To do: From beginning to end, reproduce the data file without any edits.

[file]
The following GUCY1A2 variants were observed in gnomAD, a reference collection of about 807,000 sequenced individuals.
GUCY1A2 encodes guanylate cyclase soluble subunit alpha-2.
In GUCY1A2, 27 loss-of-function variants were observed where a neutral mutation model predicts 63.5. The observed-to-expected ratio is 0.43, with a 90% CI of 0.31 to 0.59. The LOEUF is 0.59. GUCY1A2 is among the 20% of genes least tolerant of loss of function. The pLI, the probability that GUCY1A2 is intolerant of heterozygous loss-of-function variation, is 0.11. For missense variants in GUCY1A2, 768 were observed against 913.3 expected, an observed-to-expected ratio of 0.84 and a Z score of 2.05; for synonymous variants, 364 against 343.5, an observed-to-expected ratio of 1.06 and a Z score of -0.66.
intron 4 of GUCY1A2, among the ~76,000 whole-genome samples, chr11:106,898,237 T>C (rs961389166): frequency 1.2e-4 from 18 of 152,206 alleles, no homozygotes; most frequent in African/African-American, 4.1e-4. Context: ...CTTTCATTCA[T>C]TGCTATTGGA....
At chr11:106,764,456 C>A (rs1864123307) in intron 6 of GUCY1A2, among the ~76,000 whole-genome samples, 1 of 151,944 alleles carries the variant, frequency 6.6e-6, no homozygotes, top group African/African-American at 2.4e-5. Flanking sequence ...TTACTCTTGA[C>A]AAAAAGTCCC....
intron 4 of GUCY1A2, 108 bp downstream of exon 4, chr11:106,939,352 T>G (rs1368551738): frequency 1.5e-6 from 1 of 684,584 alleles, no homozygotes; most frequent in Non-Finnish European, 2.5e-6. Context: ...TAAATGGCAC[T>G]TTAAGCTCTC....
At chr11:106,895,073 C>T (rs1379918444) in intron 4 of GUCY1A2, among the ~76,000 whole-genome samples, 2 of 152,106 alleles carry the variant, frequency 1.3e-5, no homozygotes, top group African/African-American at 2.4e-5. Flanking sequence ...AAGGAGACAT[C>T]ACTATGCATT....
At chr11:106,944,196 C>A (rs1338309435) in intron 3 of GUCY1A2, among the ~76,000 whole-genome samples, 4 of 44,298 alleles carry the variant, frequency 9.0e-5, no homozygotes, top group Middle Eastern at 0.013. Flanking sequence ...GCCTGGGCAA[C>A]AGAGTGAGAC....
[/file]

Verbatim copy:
The following GUCY1A2 variants were observed in gnomAD, a reference collection of about 807,000 sequenced individuals.
GUCY1A2 encodes guanylate cyclase soluble subunit alpha-2.
In GUCY1A2, 27 loss-of-function variants were observed where a neutral mutation model predicts 63.5. The observed-to-expected ratio is 0.43, with a 90% CI of 0.31 to 0.59. The LOEUF is 0.59. GUCY1A2 is among the 20% of genes least tolerant of loss of function. The pLI, the probability that GUCY1A2 is intolerant of heterozygous loss-of-function variation, is 0.11. For missense variants in GUCY1A2, 768 were observed against 913.3 expected, an observed-to-expected ratio of 0.84 and a Z score of 2.05; for synonymous variants, 364 against 343.5, an observed-to-expected ratio of 1.06 and a Z score of -0.66.
intron 4 of GUCY1A2, among the ~76,000 whole-genome samples, chr11:106,898,237 T>C (rs961389166): frequency 1.2e-4 from 18 of 152,206 alleles, no homozygotes; most frequent in African/African-American, 4.1e-4. Context: ...CTTTCATTCA[T>C]TGCTATTGGA....
At chr11:106,764,456 C>A (rs1864123307) in intron 6 of GUCY1A2, among the ~76,000 whole-genome samples, 1 of 151,944 alleles carries the variant, frequency 6.6e-6, no homozygotes, top group African/African-American at 2.4e-5. Flanking sequence ...TTACTCTTGA[C>A]AAAAAGTCCC....
intron 4 of GUCY1A2, 108 bp downstream of exon 4, chr11:106,939,352 T>G (rs1368551738): frequency 1.5e-6 from 1 of 684,584 alleles, no homozygotes; most frequent in Non-Finnish European, 2.5e-6. Context: ...TAAATGGCAC[T>G]TTAAGCTCTC....
At chr11:106,895,073 C>T (rs1379918444) in intron 4 of GUCY1A2, among the ~76,000 whole-genome samples, 2 of 152,106 alleles carry the variant, frequency 1.3e-5, no homozygotes, top group African/African-American at 2.4e-5. Flanking sequence ...AAGGAGACAT[C>T]ACTATGCATT....
At chr11:106,944,196 C>A (rs1338309435) in intron 3 of GUCY1A2, among the ~76,000 whole-genome samples, 4 of 44,298 alleles carry the variant, frequency 9.0e-5, no homozygotes, top group Middle Eastern at 0.013. Flanking sequence ...GCCTGGGCAA[C>A]AGAGTGAGAC....